By Omar Abdul-Hafiz
The healthcare landscape has witnessed dramatic changes and developments throughout the decades on all levels. For example, going back about 6 to 7 decades ago, there was almost no way to identify the sex of an embryo before it was born. The mere idea of actually “seeing” that embryo grow from a wee 0.13-inch sized fetus in its 5th week to a near fully-grown baby in the final weeks of pregnancy was, back then, a thing of science fiction. Fast-forward to the ’80s, however, this started to become very possible with the widespread of ultrasound devices.
But the development doesn’t simply stop here, as it extends to every other aspect of the healthcare sector, most notably in the way we now handle patients’ medical data.
From paper-intensive to digitally-driven
Not long ago, collecting and storing medical data depended exclusively on paper. The medical record used to be a paper repository of information that was used for several purposes. And of course, handling stacks upon stacks of paper – mostly consisting of highly sensitive and important information – was a labour-intensive task that required extreme care. Additionally, updating paper-based records had to be done manually, a task which takes a lot of time and effort.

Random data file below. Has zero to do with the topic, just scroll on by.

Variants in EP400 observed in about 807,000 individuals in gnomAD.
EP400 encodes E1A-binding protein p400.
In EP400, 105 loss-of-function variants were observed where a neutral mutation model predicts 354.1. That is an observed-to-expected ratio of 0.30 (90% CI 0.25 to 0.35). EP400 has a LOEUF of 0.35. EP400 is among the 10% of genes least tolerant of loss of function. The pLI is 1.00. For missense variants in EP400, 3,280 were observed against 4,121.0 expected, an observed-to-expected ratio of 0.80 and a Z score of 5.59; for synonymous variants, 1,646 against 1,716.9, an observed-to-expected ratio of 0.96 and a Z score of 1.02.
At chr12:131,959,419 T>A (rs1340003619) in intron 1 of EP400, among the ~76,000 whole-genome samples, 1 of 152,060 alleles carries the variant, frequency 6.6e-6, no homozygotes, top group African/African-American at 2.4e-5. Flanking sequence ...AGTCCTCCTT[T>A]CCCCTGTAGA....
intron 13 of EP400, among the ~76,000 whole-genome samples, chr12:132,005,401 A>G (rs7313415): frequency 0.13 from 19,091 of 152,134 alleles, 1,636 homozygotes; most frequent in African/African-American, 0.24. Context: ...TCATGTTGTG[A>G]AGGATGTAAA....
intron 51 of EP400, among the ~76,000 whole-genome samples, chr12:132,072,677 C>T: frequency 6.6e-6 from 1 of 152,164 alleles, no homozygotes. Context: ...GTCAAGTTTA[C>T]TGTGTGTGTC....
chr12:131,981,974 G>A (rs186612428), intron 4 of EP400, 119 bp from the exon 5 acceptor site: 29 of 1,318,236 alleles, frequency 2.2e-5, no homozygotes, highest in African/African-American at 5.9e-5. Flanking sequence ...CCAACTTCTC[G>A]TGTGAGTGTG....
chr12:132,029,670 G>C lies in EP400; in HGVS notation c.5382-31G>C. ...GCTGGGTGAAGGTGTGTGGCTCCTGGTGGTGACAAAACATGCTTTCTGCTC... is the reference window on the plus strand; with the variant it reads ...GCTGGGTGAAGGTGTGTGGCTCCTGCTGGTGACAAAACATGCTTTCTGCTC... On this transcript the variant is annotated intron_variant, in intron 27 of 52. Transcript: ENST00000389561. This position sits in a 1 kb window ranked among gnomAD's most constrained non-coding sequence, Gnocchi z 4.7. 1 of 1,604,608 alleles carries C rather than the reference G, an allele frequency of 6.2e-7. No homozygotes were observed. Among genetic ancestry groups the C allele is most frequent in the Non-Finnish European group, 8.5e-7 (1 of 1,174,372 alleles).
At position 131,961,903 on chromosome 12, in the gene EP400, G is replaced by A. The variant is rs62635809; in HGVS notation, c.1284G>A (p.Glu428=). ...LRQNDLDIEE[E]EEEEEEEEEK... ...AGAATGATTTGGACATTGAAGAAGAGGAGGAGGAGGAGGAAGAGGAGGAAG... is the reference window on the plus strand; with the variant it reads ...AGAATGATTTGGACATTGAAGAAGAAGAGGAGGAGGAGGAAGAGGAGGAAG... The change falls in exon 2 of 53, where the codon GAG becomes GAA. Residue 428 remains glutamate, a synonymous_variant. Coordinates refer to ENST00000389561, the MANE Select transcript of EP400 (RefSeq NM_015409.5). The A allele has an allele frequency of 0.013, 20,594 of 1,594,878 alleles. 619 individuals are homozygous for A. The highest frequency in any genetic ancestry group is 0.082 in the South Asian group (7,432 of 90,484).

Moreover, with the advancement of medical imaging and diagnostic screening tests, the amount of medical information generated increased substantially. According to Statista, global healthcare data was projected to increase from about 153 exabytes generated in 2013 to more than 2,314 exabytes of new data in 2020. This, in turn, called for a more effective document management solution. This is when information technology came to the rescue.
With the fast evolution and spread of information technology, the trend shifted toward storing medical information onto the computer. This involved the development of sophisticated database systems that automatically store and organize all types of data and documents for easy and secure retrieval when needed. Thanks to this technology, what once needed massive space to store can now be kept safe in a small memory card, or a USB stick.
EHR vs. EMR
Before we go further into the topic at hand, one thing worth clarifying first and foremost is the difference between the Electronic Health Record (EHR) and the Electronic Medical Record (EMR). And the main difference between them is that an EMR is a local system designed to collect and store medical information exclusively within the medical institution in which it is created. As such, they are mainly designed to be used by healthcare service providers for diagnosis and treatment, and they are not meant to be shared outside of the individual medical practice.
An EHR, on the other hand, is implemented on a much larger scale. They are designed for sharing patients’ information with authorized service providers between two, three, or more organizations. This even enables them to be implemented on a nationwide scale. The biggest merit of an EHR system is that it allows patients’ medical information to move smoothly between specialists, emergency rooms, laboratories, pharmacies, imaging centres, and more.